Egg-based flu vaccines: Not all they're cracked up to be?
Flu season is underway in the Northern Hemisphere, sickening millions of people and in rare cases, causing hospitalization or death.
You're probably not allergic to vaccines
Five facts about allergies to vaccines, pulled together by two McMaster University physicians.
Micromotors deliver oral vaccines
Vaccines have saved millions of lives, but nobody likes getting a shot.
Vaccines not protecting farmed fish from disease
The vaccines used by commercial fish farmers are not protecting fish from disease, according to a new study.
Bioengineers imagine the future of vaccines and immunotherapy
In the not-too-distant future, nanoparticles delivered to a cancer patient's immune cells might teach the cells to destroy tumors.
Pneumonia: Treatment with vaccines instead of antibiotics
A properly functioning immune system is key to resolve bacterial pneumonia.
More Vaccines News and Vaccines Current Events

Trending Science News

Current Coronavirus (COVID-19) News

Top Science Podcasts

We have hand picked the top science podcasts of 2020.
Now Playing: TED Radio Hour

Climate Mindset
In the past few months, human beings have come together to fight a global threat. This hour, TED speakers explore how our response can be the catalyst to fight another global crisis: climate change. Guests include political strategist Tom Rivett-Carnac, diplomat Christiana Figueres, climate justice activist Xiye Bastida, and writer, illustrator, and artist Oliver Jeffers.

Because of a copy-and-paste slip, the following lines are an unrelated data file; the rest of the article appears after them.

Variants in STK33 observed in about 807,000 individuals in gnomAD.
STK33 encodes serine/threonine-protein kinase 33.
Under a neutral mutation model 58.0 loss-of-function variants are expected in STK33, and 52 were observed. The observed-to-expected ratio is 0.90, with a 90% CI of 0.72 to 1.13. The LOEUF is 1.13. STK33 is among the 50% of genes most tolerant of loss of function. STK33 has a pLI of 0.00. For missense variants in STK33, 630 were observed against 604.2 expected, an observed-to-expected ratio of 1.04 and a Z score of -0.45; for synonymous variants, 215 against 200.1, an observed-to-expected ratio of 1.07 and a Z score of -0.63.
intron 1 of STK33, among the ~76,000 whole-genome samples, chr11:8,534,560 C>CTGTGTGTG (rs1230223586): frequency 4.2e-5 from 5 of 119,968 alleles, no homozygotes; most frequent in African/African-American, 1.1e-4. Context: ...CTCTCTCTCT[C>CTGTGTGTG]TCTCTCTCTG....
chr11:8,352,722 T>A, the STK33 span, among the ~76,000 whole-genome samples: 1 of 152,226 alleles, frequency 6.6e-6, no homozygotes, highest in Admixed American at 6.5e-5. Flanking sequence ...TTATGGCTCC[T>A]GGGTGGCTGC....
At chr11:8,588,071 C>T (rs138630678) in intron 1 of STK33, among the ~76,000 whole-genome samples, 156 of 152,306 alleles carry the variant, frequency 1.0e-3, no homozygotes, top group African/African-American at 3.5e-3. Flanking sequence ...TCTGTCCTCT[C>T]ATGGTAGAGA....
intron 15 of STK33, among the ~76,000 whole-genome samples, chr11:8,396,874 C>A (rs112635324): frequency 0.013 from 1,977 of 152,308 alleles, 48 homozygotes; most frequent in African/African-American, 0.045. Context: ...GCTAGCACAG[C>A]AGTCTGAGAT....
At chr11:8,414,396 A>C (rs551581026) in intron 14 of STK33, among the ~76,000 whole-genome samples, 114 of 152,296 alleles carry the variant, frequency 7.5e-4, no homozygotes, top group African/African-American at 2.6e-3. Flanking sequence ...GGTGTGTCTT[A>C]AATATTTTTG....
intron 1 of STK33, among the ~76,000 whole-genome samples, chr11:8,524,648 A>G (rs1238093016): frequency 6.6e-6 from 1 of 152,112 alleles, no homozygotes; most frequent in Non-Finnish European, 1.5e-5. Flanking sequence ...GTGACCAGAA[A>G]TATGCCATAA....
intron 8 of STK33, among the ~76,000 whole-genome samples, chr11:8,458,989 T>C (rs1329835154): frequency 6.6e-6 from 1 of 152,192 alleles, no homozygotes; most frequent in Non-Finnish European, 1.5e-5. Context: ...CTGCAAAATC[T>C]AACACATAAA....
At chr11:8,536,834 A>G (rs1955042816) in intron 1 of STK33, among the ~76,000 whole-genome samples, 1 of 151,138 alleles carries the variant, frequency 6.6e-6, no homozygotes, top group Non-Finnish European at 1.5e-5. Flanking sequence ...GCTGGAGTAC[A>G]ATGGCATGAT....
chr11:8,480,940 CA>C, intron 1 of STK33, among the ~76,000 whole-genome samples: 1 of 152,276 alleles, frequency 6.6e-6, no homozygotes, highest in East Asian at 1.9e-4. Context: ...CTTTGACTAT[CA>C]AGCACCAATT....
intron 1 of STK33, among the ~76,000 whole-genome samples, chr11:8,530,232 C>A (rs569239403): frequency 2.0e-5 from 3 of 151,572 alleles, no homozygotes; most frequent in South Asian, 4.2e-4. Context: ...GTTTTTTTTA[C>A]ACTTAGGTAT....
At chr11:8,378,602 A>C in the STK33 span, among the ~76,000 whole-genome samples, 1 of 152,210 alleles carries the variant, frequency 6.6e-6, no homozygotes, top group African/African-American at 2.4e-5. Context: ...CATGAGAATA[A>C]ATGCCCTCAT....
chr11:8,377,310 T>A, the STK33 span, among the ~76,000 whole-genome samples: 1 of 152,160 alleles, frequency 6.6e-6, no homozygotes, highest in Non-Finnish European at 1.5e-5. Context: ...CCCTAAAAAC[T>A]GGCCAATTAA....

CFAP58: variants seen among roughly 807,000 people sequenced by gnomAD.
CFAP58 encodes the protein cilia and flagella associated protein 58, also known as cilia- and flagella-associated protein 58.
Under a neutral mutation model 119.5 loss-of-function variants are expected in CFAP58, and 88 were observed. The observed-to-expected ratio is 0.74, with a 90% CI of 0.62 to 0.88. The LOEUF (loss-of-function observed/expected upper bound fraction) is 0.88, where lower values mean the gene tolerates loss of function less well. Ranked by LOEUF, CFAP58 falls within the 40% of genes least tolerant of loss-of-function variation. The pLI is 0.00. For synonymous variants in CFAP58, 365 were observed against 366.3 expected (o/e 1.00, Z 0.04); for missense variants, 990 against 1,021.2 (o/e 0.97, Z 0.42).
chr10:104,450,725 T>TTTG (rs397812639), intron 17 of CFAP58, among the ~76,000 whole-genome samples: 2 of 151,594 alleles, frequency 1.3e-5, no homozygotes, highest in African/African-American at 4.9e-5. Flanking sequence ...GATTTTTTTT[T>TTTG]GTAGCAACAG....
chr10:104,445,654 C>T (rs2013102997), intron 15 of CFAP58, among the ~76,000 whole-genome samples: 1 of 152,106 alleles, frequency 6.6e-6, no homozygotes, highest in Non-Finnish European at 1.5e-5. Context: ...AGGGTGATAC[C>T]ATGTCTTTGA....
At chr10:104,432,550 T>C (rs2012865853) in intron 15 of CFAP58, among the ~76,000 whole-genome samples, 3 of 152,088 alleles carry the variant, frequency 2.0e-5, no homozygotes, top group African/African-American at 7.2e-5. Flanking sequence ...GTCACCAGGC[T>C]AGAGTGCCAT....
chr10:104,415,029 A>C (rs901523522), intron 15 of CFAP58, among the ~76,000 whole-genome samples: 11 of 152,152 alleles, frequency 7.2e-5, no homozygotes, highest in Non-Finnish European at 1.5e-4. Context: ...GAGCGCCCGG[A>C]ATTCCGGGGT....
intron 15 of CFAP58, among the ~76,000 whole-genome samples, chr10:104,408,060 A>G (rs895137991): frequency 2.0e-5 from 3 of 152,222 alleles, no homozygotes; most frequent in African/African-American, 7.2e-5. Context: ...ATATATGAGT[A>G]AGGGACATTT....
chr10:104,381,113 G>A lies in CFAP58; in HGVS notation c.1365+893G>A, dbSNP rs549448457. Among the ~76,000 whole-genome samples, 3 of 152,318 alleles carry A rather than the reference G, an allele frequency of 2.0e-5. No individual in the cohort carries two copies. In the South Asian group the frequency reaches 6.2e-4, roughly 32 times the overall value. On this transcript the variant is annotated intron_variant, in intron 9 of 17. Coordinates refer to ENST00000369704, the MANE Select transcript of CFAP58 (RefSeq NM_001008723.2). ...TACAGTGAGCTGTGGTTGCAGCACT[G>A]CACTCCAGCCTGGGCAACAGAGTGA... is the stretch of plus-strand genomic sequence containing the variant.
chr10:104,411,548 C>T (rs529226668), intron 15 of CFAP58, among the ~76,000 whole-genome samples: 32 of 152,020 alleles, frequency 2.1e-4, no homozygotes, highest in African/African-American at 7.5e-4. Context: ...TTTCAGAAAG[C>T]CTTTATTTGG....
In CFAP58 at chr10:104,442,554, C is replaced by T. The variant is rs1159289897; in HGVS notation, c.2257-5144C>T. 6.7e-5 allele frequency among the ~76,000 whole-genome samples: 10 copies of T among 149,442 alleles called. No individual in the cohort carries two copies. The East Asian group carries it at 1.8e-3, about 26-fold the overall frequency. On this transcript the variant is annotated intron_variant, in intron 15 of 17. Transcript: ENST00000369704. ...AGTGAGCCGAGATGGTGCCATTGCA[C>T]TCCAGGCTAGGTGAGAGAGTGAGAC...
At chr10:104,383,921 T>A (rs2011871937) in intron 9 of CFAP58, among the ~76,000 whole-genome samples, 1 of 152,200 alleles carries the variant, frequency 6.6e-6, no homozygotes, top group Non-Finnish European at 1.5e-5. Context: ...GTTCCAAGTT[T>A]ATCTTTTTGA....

Now Playing: Science for the People

#562 Superbug to Bedside
By now we're all good and scared about antibiotic resistance, one of the many things coming to get us all. But there's good news, sort of. News antibiotics are coming out! How do they get tested? What does that kind of a trial look like and how does it happen? Host Bethany Brookeshire talks with Matt McCarthy, author of "Superbugs: The Race to Stop an Epidemic", about the ins and outs of testing a new antibiotic in the hospital.
Now Playing: Radiolab

Speedy Beet
There are few musical moments more well-worn than the first four notes of Beethoven's Fifth Symphony. But in this short, we find out that Beethoven might have made a last-ditch effort to keep his music from ever feeling familiar, to keep pushing his listeners to a kind of psychological limit. Big thanks to our Brooklyn Philharmonic musicians: Deborah Buck and Suzy Perelman on violin, Arash Amini on cello, and Ah Ling Neu on viola. And check out The First Four Notes, Matthew Guerrieri's book on Beethoven's Fifth. Support Radiolab today at Radiolab.org/donate.